It may be sad to admit, but I’m looking forward to some upcoming children’s movies and books far more than my daughters are.
I find myself watching trailers for “The Smurfs” and “The Muppets” while the kids are asleep. I know I’ll be the one begging for us to read and re-read the new Maurice Sendak and Dr. Seuss books.
These soon-to-be-released marvels are, of course, marketed to me more than to my children. My older one asked me incredulously “What is that?” when I YouTubed an old Smurfs episode for her. It occurred to me that at 4 she is far more discerning with media than I was at twice her age.
Our children, used to the articulate and ever-cheery Elmo, will probably find the “smurfy” language in July’s “Smurfs,” nonsensical. They will likely think Kermit, in the fall-scheduled “the Muppets,” is too angsty.
I do hope my children will connect with the new Sendak and Dr. Seuss. The classics “Where the Wild Things Are,” (Harper & Row, 1963) and “Oh the Places You’ll Go,” (Random House, 1990), are now in their bedtime book roster. If not their favorites, those books are not offensive to them either. I know it’s me who appreciates their depth far more than they do, or as I did as a child.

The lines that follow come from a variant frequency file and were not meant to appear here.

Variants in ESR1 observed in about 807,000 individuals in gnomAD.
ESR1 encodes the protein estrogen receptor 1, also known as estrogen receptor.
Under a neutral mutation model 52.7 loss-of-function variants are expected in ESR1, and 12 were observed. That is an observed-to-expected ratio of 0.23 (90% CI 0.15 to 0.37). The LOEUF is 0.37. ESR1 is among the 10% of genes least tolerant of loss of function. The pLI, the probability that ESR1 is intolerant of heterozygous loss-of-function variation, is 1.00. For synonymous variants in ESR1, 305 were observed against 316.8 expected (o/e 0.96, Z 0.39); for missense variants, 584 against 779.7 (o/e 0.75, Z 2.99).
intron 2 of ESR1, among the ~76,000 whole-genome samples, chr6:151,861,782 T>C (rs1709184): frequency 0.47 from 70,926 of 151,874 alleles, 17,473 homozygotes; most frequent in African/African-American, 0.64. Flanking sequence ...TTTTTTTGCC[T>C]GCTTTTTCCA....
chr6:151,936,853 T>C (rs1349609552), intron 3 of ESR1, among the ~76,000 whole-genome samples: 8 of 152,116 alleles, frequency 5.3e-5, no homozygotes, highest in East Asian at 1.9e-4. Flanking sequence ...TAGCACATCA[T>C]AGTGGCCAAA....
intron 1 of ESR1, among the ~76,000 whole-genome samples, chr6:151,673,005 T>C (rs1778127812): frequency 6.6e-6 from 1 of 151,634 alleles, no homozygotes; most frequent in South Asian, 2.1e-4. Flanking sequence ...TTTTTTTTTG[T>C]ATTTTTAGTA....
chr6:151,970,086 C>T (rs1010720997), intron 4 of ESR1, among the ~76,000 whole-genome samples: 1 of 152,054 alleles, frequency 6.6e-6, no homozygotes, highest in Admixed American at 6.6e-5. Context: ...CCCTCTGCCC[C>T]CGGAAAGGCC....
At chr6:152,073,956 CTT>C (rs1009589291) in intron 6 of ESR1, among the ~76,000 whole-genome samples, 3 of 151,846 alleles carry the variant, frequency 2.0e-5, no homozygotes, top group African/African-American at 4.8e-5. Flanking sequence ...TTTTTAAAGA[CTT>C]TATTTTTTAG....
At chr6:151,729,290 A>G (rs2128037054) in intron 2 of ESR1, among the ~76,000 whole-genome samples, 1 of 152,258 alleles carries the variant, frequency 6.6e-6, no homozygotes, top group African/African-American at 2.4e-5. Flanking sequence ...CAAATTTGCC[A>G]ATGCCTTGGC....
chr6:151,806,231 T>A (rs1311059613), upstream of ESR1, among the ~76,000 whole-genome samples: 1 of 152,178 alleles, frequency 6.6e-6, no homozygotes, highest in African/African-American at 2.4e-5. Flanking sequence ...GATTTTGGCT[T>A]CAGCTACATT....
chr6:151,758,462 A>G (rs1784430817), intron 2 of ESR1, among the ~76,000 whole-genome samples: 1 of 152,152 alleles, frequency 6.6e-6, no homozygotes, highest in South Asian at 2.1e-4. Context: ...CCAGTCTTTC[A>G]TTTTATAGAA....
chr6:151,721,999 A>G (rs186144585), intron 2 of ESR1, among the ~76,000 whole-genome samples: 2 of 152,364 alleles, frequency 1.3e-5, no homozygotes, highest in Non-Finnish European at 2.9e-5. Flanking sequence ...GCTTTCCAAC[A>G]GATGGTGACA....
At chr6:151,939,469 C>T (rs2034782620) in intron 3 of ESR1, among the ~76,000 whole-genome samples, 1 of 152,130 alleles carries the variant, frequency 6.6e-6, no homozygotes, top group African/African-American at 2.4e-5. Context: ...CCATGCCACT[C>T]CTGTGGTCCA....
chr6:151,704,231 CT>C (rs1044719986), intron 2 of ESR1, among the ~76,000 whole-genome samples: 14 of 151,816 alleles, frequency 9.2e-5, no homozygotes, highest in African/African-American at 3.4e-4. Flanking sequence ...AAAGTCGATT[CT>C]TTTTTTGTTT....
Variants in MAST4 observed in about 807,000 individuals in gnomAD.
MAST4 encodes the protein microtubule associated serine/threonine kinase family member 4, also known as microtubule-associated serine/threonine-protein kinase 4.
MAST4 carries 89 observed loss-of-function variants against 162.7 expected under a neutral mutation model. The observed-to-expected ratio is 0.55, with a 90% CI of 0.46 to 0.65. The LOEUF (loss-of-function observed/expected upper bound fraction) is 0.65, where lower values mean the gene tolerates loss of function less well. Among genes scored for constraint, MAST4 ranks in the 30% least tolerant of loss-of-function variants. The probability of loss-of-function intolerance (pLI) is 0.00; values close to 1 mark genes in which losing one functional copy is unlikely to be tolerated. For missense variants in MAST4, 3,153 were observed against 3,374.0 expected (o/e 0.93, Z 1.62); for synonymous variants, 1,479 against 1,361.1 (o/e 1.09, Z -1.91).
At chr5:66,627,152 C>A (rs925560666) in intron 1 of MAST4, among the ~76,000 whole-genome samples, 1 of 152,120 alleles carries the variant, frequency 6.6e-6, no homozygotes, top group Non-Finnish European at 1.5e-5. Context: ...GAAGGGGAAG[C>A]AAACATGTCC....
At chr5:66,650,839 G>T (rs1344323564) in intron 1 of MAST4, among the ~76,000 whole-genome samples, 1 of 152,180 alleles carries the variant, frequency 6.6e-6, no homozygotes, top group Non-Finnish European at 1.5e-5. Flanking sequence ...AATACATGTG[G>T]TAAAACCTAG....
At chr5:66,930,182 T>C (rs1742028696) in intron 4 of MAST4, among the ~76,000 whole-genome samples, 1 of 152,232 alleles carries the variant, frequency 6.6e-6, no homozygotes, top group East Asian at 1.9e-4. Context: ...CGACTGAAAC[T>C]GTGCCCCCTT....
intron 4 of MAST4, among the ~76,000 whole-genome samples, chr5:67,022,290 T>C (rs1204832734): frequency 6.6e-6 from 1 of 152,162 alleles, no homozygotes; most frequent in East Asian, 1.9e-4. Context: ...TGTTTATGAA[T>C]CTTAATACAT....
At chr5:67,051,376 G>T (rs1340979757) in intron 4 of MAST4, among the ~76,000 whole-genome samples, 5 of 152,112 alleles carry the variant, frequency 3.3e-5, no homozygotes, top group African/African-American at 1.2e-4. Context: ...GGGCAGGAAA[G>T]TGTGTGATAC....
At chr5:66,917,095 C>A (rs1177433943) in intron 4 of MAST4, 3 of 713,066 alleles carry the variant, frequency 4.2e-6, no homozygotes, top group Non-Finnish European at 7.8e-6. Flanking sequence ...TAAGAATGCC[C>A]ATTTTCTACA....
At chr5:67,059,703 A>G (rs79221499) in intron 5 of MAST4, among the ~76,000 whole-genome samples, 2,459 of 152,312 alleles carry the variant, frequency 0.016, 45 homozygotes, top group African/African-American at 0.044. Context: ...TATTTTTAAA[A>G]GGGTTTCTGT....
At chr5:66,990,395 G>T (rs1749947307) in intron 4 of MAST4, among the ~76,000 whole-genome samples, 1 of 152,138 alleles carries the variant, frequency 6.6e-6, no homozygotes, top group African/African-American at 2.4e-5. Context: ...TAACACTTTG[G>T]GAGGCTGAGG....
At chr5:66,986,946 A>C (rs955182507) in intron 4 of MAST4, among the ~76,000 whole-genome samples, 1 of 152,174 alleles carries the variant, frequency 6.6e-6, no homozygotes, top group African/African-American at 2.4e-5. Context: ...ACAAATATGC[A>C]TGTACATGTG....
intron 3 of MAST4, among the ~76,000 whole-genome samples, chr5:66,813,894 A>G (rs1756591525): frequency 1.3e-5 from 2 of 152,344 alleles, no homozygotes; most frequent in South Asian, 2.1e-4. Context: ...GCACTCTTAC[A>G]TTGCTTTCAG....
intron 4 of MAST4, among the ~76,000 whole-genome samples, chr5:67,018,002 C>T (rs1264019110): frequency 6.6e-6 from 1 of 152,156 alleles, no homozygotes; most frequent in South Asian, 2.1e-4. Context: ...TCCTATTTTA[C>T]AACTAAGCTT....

Consider this from “Oh the Places You’ll Go”:
“So be sure when you step/ Step with care and great tact /
And remember that Life’s / a Great Balancing Act./
Just never forget to be / dexterous and deft/
And never mix up your right foot with your left.”
In Sept., Random House will publish posthumously the “The Bippolo Seed and Other Lost Stories,” a collection of stories written by Theodor “Seuss” Geisel in 1950 and 1951.
Also that month, HarperCollins will publish the new Sendak, “Bumble-Ardy.” It kills two nostalgia birds with one stone because it’s based on a 70s-era Sesame Street skit about a pig’s birthday party.
Bring it on. It doesn’t matter if the kids are bored, I’ll be the one buying.